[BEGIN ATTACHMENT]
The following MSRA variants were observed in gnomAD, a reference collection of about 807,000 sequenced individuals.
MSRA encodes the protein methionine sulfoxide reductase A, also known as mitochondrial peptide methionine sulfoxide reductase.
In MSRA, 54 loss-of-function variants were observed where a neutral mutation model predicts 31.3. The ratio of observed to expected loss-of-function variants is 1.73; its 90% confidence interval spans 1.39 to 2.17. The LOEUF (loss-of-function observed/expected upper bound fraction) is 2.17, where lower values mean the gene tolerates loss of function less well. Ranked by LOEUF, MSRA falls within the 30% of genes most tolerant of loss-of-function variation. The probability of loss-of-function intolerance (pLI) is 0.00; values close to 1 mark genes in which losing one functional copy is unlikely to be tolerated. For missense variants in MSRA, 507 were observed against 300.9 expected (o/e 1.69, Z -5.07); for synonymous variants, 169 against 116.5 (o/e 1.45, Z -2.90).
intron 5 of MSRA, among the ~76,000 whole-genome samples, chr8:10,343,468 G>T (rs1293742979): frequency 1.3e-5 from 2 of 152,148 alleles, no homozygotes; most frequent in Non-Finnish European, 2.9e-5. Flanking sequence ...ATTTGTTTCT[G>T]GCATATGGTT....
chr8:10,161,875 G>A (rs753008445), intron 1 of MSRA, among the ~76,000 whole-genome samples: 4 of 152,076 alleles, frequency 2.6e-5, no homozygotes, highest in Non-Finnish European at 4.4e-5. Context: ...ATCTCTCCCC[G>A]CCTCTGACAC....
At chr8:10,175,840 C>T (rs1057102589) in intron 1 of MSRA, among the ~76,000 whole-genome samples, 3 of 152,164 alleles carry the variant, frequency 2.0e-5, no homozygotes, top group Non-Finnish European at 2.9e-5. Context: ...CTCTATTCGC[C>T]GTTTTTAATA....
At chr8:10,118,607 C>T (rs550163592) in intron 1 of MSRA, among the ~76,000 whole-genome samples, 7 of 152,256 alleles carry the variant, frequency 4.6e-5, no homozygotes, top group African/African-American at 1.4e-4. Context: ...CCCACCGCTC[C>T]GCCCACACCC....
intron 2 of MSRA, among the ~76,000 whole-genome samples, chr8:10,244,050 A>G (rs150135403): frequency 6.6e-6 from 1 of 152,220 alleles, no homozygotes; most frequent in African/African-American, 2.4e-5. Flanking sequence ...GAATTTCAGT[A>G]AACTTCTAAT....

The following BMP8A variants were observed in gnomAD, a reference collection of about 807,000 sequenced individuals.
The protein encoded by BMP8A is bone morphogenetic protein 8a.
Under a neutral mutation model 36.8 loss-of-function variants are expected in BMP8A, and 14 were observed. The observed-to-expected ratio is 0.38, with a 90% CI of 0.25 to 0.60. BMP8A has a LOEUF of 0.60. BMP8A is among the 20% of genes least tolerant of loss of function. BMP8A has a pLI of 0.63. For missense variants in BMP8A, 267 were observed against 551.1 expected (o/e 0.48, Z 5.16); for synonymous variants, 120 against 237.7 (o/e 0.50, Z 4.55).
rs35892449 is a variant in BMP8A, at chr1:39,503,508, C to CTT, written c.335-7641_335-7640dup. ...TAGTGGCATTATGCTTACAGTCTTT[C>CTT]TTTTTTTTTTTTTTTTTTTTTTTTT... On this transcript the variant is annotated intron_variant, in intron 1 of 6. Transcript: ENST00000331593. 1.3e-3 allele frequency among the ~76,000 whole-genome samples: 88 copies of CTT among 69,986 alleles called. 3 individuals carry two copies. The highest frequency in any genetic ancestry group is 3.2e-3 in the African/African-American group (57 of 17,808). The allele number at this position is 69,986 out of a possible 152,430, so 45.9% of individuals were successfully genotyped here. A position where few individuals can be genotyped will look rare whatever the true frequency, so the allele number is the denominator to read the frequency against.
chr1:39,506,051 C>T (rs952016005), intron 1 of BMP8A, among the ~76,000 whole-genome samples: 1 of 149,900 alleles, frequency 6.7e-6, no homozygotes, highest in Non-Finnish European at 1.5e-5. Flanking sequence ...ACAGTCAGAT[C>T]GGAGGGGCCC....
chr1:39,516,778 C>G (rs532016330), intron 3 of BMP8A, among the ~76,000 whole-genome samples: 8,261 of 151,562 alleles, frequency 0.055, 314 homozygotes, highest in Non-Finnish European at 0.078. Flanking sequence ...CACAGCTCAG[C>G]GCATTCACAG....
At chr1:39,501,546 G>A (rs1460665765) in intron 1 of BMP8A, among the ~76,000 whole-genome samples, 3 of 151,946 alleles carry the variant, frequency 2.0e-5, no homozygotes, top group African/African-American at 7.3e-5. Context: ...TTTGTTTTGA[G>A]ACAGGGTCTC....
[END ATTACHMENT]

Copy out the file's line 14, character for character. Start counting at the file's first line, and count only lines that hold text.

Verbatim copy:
chr1:39,516,778 C>G (rs532016330), intron 3 of BMP8A, among the ~76,000 whole-genome samples: 8,261 of 151,562 alleles, frequency 0.055, 314 homozygotes, highest in Non-Finnish European at 0.078. Flanking sequence ...CACAGCTCAG[C>G]GCATTCACAG....